The industrial zone of Ashulia, just outside of Bangladesh’s sprawling capital, Dhaka, grabbed headlines in mid-June when hundreds of garment workers demanding higher minimum wages shut down over 300 factories. It was the most violent protests the region had experienced since 2010; the death of a prominent labor activist, Aminul Islam, three months prior in April fueled the unrest that unfolded.
In fact, despite its obscurity internationally, Ashulia is one of the major manufacturing hubs for ready-made garments for export to Western stores like Wal-Mart, Tesco, and H&M. Some 4,500 factories – from hulking concrete structures to one-story buildings that resemble small storefront shops – employ nearly a half a million people. I visited Ashulia in August, just a month after the unrest, to meet with teachers and students from the School of Hope, one of the schools that offers subsidized education (with funds from Wal-Mart) for the area’s garment worker children.
The drive from Dhaka to Ashulia can be deceptive: it’s only about 18 miles, but can take hours during morning or afternoon rush hour when workers are commuting to their shifts. The main highway serves as a central artery that feeds employees to the factories, most of which are set back from the main road. The highway turns into a ribbon of humanity – men and women weave through traffic in clumps, spilling out of buses and rickshaws, eventually trailing down paths to different building entrances.Enjoying this article? Click here to subscribe for full access. Just $5 a month.
Over much of the last decade, Bangladesh’s economy has maintained a high, 6 percent growth rate. Although the country remains one of the poorest (it ranks 146th out of 187 countries in the UNDP’s latest Human Development Report), experts are generally optimistic about its growth trajectory – recently, the director general of the World Trade Organization (WTO) said that Bangladesh was “well on track” to achieve its development goals to become a middle-income country by 2021. The garment industry, which makes up 80 percent of the country’s export earnings and employs over 3.6 million people, has played an enormous role in the country’s economic progress. Due to a number of factors but mostly lower working wages, Bangladesh has beaten some of its neighbors like India, Thailand, Vietnam, and Cambodia to become one of the world’s largest clothing exporters – second only to China. The industry also provides job opportunities to the country’s rural residents, who have typically relied on agriculture (and still do) for their livelihoods, who flock to manufacturing areas like Ashulia. Their income, albeit low, is critical for the livelihood of their families, but the sacrifices that they make are significant.
One example is that of Sahjahan and his family. Sahjahan migrated with his wife, Kanchan, and their two children from northwest Jamalpur to Ashulia seven years ago so that she could find work at a clothing factory. Like most garment workers here, they live in a one-room basti (slum), and share a communal toilet and cooking area. Sahjahan works as a day laborer, collecting and selling rubbish scraps. This type of working arrangement is not uncommon in garment worker communities: 80 percent of the industry’s workforce is made up of women who, like Kanchan, are drawn to factory work to earn an income that would otherwise be hard to come by. Electricity is intermittent at best; the dark, windowless rooms are lit by single tungsten bulbs dangling from the ceiling.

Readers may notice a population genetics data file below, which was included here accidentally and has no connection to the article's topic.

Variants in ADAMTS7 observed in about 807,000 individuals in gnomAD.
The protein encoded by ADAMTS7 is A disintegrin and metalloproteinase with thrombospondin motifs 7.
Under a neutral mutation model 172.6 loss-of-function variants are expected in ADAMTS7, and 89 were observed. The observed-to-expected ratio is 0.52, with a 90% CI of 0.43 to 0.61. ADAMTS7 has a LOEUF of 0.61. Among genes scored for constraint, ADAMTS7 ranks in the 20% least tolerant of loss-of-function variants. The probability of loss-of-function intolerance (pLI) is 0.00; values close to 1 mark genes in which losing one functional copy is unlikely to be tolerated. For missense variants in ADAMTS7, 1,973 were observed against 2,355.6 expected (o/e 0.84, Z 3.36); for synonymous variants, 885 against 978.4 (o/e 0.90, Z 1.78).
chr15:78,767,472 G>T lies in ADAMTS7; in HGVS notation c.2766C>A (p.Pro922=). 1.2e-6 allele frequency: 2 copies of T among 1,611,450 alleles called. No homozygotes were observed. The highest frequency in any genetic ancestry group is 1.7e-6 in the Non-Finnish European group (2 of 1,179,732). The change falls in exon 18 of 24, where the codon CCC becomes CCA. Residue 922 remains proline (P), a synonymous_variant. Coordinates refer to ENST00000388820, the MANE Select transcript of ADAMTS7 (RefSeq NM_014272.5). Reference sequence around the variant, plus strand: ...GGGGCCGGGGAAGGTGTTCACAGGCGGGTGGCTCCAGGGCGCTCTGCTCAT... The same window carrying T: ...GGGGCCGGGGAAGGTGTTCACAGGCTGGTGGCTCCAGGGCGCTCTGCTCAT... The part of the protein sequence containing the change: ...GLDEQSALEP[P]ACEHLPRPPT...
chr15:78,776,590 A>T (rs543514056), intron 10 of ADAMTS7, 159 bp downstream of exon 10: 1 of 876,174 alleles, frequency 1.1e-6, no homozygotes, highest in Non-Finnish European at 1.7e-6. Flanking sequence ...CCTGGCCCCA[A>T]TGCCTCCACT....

Sahjahan’s 7-year-old daughter, Shanta, attends the School of Hope nearby. While the factory jobs provide much-needed income to families, many of whom are living on $40-50 a month or less, the urge to pull young girls, and boys, out of school to work at the factories is tempting. Despite hardships, Sahjahan, clutching his daughter’s small hand, told me, “I’m never taking my daughter out of school – if she wants to become a doctor, she’s going to have to study hard and stay in school.” In some cases, though, the school must do some hard negotiations with the parents to convince them to keep their children enrolled.
Shakil, a bright-eyed, “star” student at School of Hope, lives nearby with his parents who migrated from Natore in northern Bangladesh. His mother now works in a clothing factory and his father sells jackfruit. His 12-year-old sister does not go to school, and just recently, his father was nearly forced to also pull Shakil, who wants to become a doctor, out of school to work in the factories. Teachers from School of Hope convinced his father to let him stay for now.
In the mid-day heat, we make our way through the tight footpaths that weave through the residences and come to a row of shops and produce stands. The streets are sleepy and quiet; men rest draped over rickshaws, and older women sit idly under shelter waiting to sell their products. The factories drive the pulse of the community here – at this hour, most residents are working at factories nearby. When their shift ends, they will fight the congestion to make their way back home. They are helping to put Bangladesh on the map – making it more competitive regionally and globally. But, as other countries have learned, the ascent to middle class doesn’t come without sacrifice.
Alma Freeman is The Asia Foundation’s global communications manager and editor of its In Asia blog, where this piece first appeared. The views and opinions expressed here are those of the individual author and not those of The Asia Foundation.